PSG had considered building their training complex at La Defense before they opted for Poissy instead, so the area is already on their radar.

How much would it have cost for PSG to buy the Parc des Princes?

Despite Hidalgo’s claims that the stadium was not for sale, in April PSG submitted a bid of €38 million for the stadium.

Hidalgo called this bid “ridiculous”, even reminding QSI that business in France is done to differently to what they might be used to in Qatar.

“It may be a bluff or a misunderstanding about what our democratic rules are. We are in a country where the rule of law works, so there are procedures,” she said.

For comparison, the French government estimated the value of the Stade de France at €647 million in 2021.

Parc des Princes timeline

1897: The first Parc des Princes opens with a capacity of around 10,000.

1932: The Parc des Princes is rebuilt with a capacity of 45,000. The capacity is reduced to 38,000 to allow fans more space.

1972: The third Parc des Princes, the one we know today, is completed. It quickly gains a reputation in France as a “caisse de résonnance” or “box of sound” for its intense atmosphere and proximity of the supporters to the pitch. France play the USSR in the inaugural match at the new ground.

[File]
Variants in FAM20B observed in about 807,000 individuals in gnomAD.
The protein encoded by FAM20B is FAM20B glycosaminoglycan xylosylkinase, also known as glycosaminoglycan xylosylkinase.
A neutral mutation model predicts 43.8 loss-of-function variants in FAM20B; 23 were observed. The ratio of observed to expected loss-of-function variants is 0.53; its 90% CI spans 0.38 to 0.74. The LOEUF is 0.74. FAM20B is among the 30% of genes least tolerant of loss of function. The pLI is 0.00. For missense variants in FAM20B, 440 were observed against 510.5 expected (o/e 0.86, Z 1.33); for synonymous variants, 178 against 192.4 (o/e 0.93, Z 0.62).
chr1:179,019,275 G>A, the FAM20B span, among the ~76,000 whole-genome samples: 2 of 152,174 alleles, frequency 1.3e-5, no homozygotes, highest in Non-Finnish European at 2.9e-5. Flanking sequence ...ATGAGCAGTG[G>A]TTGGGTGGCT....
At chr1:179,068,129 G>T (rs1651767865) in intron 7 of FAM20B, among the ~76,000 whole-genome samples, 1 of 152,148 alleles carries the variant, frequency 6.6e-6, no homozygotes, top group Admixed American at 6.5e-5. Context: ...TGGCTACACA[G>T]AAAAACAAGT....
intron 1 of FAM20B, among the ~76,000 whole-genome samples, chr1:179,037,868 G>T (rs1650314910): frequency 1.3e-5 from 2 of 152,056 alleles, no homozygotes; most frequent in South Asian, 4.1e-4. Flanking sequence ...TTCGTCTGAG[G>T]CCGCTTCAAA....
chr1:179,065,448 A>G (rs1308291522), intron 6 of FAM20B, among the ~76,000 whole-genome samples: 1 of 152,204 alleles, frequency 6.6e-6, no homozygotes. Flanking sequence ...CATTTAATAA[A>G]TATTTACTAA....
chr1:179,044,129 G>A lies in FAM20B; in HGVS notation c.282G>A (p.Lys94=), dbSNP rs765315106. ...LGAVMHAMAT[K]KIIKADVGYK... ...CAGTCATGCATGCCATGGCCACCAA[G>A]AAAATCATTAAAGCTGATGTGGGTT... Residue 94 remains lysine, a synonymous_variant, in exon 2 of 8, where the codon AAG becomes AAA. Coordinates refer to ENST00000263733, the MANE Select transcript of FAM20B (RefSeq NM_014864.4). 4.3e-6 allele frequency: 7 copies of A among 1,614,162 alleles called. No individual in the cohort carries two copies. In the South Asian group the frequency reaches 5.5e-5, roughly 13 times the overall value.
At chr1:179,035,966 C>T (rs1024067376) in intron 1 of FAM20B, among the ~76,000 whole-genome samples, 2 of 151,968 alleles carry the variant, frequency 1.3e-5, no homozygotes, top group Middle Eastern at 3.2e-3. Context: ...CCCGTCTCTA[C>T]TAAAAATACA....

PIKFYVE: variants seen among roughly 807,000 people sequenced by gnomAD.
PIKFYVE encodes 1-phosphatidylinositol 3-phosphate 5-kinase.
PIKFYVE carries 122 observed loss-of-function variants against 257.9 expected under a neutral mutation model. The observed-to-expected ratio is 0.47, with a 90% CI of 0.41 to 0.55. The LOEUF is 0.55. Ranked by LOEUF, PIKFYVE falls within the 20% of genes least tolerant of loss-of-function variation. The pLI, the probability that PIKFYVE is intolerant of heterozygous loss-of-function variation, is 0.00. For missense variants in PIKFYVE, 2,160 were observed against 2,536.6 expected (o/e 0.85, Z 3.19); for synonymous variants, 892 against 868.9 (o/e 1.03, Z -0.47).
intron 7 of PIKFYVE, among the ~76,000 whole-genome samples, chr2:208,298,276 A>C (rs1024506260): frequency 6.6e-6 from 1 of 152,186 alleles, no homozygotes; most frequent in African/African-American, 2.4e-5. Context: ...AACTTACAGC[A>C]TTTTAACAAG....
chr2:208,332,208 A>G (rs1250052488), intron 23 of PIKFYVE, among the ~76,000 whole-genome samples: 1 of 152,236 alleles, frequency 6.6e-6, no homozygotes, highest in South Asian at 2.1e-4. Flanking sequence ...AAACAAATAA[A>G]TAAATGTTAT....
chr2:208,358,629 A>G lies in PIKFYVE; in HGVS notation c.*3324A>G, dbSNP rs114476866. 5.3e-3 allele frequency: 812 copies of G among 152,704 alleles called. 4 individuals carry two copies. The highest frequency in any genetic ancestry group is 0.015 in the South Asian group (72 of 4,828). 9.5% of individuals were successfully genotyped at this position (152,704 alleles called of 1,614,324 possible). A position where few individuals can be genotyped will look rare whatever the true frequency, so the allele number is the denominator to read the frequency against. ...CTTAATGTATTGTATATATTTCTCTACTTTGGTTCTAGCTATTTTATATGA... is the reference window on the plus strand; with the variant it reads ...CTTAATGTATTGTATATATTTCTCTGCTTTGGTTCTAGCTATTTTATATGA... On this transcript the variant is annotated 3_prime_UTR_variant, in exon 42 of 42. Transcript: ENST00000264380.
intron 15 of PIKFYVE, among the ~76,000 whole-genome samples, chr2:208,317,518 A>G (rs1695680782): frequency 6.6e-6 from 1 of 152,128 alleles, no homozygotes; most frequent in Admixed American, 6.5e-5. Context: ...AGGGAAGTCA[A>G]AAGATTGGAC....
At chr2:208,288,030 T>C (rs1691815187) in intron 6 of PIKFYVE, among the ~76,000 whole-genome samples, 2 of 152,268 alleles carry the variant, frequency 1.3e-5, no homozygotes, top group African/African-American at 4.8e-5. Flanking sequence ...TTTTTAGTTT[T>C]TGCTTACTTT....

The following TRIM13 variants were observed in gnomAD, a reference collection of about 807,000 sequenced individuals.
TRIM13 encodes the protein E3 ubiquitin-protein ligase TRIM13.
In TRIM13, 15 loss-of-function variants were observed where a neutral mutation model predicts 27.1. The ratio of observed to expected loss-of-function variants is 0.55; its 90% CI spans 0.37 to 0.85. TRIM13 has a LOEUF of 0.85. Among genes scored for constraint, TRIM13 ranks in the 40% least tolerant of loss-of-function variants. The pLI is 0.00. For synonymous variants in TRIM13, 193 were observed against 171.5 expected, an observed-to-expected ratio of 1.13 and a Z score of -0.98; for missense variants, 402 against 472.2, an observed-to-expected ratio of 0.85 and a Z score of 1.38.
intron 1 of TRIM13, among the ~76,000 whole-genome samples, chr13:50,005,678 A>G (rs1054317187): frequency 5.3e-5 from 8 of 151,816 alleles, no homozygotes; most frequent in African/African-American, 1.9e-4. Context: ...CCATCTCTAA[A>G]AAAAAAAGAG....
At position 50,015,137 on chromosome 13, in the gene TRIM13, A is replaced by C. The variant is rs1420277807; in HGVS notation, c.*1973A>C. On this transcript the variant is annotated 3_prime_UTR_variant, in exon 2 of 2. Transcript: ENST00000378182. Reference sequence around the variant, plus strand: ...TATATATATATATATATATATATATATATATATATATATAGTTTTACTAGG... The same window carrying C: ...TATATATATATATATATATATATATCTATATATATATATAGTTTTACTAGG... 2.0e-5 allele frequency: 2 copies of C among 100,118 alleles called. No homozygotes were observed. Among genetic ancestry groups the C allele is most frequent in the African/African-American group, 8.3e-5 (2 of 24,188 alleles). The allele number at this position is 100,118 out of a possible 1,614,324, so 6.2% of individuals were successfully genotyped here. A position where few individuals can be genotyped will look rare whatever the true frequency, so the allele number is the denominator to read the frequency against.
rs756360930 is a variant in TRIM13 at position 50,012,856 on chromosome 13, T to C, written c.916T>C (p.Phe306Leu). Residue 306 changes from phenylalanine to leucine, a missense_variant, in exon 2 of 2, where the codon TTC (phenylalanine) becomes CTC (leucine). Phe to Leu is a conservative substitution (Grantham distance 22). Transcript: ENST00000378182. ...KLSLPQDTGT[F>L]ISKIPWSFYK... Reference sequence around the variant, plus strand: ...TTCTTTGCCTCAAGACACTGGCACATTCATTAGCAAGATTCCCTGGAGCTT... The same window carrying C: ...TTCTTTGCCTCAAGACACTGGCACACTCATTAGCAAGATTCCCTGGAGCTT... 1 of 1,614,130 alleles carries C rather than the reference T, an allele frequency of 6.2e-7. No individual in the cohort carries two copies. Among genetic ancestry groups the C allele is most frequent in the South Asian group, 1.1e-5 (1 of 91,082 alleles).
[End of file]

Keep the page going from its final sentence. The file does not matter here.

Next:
1973: PSG play their first game at the Parc des Princes, beating Red Star F.C. 3-1.

1974: Following PSG’s promotion to Ligue 1 and Paris F.C.’s demotion to the second tier, PSG move into the Parc des Princes full time.

1984: France beat Spain at the Parc des Princes in the final of EURO 1984.

1998: The Stade de France is completed, and replaces the Parc des Princes as the home of Les Bleus.

2013: PSG agree a deal with the Paris City Council to extend their lease of the stadium until 2043.

2016: A three-year, €75 million upgrade of the Parc des Princes is completed ahead of EURO 2016.

New PSG stadium renovation FAQs

PSG away section at Parc des Princes
Photo by Hugo Pfeiffer/Icon Sport

What is the PSG stadium capacity?

The Parc des Princes currently holds 48,000 supporters.

What was the planned capacity for the Parc des Princes renovation?

A renovated Parc des Princes would have been able to host 60,000, a 25% increase on its current size.

Jamie Barton

A freelance football writer and podcaster, Jamie has appeared on/in the BBC World Service, PA Media, Charlton Athletic FC and Empire of the Kop, among others. He's attended matches all around the world, from Tranmere to Tokyo, and once had his bus home from the 2022 Champions League final in Paris delayed by 28 hours.